In the present study we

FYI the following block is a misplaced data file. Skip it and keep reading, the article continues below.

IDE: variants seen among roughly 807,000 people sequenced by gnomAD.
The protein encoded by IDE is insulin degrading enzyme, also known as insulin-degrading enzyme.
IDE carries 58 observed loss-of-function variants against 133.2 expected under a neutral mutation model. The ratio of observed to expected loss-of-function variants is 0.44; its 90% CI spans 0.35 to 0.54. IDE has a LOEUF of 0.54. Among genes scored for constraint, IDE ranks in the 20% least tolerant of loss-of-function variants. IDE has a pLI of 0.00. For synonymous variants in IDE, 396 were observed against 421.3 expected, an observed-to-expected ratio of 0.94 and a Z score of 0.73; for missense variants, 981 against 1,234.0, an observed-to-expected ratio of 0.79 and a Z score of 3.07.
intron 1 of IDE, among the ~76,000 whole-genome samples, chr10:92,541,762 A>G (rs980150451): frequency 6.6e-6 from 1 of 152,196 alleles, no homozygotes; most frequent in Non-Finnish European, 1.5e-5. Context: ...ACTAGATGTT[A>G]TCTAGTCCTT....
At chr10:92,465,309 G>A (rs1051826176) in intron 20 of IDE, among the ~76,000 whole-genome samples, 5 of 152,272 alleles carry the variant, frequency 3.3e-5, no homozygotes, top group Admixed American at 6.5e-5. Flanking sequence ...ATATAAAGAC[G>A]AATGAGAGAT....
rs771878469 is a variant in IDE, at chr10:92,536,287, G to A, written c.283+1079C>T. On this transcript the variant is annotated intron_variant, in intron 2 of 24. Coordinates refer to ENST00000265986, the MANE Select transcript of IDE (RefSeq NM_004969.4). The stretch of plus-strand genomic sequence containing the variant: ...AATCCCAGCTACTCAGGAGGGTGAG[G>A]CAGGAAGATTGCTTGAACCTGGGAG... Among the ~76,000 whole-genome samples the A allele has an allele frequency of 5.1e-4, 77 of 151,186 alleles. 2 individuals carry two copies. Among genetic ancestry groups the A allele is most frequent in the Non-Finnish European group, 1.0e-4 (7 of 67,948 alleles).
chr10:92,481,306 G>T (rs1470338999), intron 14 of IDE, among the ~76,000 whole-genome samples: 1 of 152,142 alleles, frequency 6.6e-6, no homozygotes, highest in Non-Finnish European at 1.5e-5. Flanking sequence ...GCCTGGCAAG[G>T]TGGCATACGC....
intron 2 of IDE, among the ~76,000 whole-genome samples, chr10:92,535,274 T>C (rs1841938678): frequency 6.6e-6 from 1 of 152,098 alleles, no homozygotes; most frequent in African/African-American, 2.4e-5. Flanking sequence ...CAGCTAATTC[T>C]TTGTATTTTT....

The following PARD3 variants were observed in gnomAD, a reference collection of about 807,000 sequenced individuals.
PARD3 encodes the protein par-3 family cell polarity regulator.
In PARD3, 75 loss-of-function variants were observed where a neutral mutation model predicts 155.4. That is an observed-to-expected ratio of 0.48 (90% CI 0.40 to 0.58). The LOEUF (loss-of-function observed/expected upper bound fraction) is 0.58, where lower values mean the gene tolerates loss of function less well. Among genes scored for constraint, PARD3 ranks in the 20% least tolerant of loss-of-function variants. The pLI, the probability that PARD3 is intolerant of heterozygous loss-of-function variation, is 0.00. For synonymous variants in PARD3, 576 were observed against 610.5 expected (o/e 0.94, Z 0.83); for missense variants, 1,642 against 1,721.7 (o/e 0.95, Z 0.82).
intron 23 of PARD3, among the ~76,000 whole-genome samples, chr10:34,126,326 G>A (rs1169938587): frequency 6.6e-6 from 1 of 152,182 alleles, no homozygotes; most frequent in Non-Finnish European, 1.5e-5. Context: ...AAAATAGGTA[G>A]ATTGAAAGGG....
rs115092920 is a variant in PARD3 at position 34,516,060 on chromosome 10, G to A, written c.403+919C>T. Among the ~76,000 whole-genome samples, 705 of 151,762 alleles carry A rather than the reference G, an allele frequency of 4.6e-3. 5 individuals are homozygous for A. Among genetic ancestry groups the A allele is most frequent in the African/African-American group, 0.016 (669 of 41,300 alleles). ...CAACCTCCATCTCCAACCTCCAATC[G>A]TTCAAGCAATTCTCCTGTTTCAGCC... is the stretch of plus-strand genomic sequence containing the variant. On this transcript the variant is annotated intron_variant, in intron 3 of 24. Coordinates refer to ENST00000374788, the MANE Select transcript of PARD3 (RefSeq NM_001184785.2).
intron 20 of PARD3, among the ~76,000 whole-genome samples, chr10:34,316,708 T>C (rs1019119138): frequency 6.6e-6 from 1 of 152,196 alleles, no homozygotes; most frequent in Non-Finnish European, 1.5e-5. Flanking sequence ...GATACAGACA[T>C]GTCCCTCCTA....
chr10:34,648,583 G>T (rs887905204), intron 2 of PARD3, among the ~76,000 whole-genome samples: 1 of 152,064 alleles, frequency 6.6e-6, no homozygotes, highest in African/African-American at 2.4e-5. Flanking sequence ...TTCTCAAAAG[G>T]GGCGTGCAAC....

In the present study, we showed that reduced neuron formation in vitro induced by IL-1β was ameliorated by activation of GPR55 in both human and mouse cultures of NSCs. Pre-treatment with GPR55 agonists also blocked upregulation of inflammatory cytokine receptor mRNA (IL-1R1, IL-6st) while increasing mRNA for anti-inflammatory or neuroprotective cytokine receptors (IL-10Rα, TNFR2) within NSCs. This was apparent in both human and mouse cells. We also show for the first time that GPR55 activation induces neuronal differentiation of murine primary hippocampal NSCs similar to results seen with human NSCs as reported previously(Hill et al., 2018). In vivo, we sought to determine if a chronic, low-level GSK-3 Inhibitor IX (systemic administration of LPS) would elicit negative effects on hippocampal neurogenesis similar to those seen after high level, acute infection. Interestingly, a dose of 0.2 mg/kg/day of LPS was sufficient to significantly reduce NSC survival (as measured by BrdU) and neuroblast formation within the SGZ of the hippocampus. Direct intrahippocampal administration of O-1602, a potent GPR55 agonist, protected against reduced NSC survival and neuroblast formation during insult with chronic, low-level infusion of LPS. We determined that neuroprotective effects were elicited by direct involvement on NSCs as microglial activation (detected by comprehensive image analysis) did not differ between LPS animals that received vehicle as compared to O-1602 treatment. To further assess GPR55 function during the immune response, we treated animals with a low-level, chronic LPS paradigm and assessed inflammatory mRNA levels within the hippocampus showing an altered immune response in GPR55−/− animals. The presented data suggest that GPR55 can protect NSCs against inflammatory insult and poses a potent target with therapeutic potential. Inflammatory insult with IL-1β on NSCs has been extensively studied showing reduced proliferation and neuronal differentiation rates both in vitro and in vivo (Wu et al., 2013, Zhang et al., 2013, Crampton et al., 2012). We chose to focus on IL-1β for in vitro studies since insult with IL-1β has also been studied in the context of cannabinoid signaling and neuroprotection (Garcia-Ovejero et al., 2013). Our results indicate that pre-treatment with the GPR55 agonists ML184 or O-1602 on human or mouse NSCs, respectively, is neuroprotective against reduced neuronal formation caused by insult with IL-1β. This effect was attenuated by concurrent treatment with GPR55 antagonist, suggesting that these effects are GPR55-dependent. These results are consistent with other studies of the effects of CB1 and CB2 receptors on protection against insult by IL-1β implicating GPR55 as another target for therapeutic intervention against NSC injury. O-1602 has also been implicated in protection of neuronal cell viability, yet the exact receptor necessary for this effect was not elucidated (Janefjord et al., 2014). The number of GFAP positive cells was also decreased in samples treated with GPR55 agonist in combination with IL-1β indicating that this was not simply a blunting of gliogenesis, but rather a protective effect of GPR55 activation. Interestingly, we found that treatment of human NSCs with IL-1β reduced the number of GFAP positive cells in comparison to vehicle- treated samples. This observation goes against the notion that gliogenesis is increased during insult with inflammatory mediators. We speculate that this may be due to slowing of proliferation rates, thus resulting in fewer positive cells. Our studies in primary murine NSCs did show increases in GFAP-positive cells with IL-1β treatment similar to findings from other studies suggesting to us that our methods for quantification of neurogenesis were not faulty (Green and Nolan, 2012, Crampton et al., 2012). Numerous mechanisms have also been linked to IL-1β-induced reductions in neurogenesis directly within NSCs, including regulation of the transcription factor TLX and p53-dependent apoptosis (Ryan et al., 2013, Guadagno et al., 2015). We did not examine directly intracellular mechanisms in which GPR55 activation protected against reduced neurogenesis facilitating a need for more in-depth study of the exact mechanisms necessary for the neuroprotective effects of GPR55.